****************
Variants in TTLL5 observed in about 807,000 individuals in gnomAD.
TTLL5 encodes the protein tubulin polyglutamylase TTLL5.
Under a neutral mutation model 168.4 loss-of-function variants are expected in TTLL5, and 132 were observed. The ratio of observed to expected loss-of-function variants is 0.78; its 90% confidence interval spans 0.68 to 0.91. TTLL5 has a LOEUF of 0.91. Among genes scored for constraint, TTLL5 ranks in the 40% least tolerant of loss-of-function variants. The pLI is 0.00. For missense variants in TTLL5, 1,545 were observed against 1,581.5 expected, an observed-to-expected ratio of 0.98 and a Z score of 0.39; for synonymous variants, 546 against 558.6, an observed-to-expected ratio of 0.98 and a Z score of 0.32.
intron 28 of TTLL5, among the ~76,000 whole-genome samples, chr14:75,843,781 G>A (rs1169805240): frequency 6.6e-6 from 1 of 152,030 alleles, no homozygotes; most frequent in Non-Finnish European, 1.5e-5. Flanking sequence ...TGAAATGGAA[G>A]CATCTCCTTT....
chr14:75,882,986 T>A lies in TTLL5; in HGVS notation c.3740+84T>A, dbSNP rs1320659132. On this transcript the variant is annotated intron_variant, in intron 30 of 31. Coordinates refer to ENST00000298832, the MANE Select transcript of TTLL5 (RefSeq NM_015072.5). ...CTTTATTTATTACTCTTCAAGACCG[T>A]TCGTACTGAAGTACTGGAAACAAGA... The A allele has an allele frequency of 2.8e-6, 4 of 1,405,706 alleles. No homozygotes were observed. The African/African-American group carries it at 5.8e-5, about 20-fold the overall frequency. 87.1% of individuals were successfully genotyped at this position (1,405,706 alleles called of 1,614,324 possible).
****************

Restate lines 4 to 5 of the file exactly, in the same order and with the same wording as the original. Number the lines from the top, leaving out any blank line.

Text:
intron 28 of TTLL5, among the ~76,000 whole-genome samples, chr14:75,843,781 G>A (rs1169805240): frequency 6.6e-6 from 1 of 152,030 alleles, no homozygotes; most frequent in Non-Finnish European, 1.5e-5. Flanking sequence ...TGAAATGGAA[G>A]CATCTCCTTT....
chr14:75,882,986 T>A lies in TTLL5; in HGVS notation c.3740+84T>A, dbSNP rs1320659132. On this transcript the variant is annotated intron_variant, in intron 30 of 31. Coordinates refer to ENST00000298832, the MANE Select transcript of TTLL5 (RefSeq NM_015072.5). ...CTTTATTTATTACTCTTCAAGACCG[T>A]TCGTACTGAAGTACTGGAAACAAGA... The A allele has an allele frequency of 2.8e-6, 4 of 1,405,706 alleles. No homozygotes were observed. The African/African-American group carries it at 5.8e-5, about 20-fold the overall frequency. 87.1% of individuals were successfully genotyped at this position (1,405,706 alleles called of 1,614,324 possible).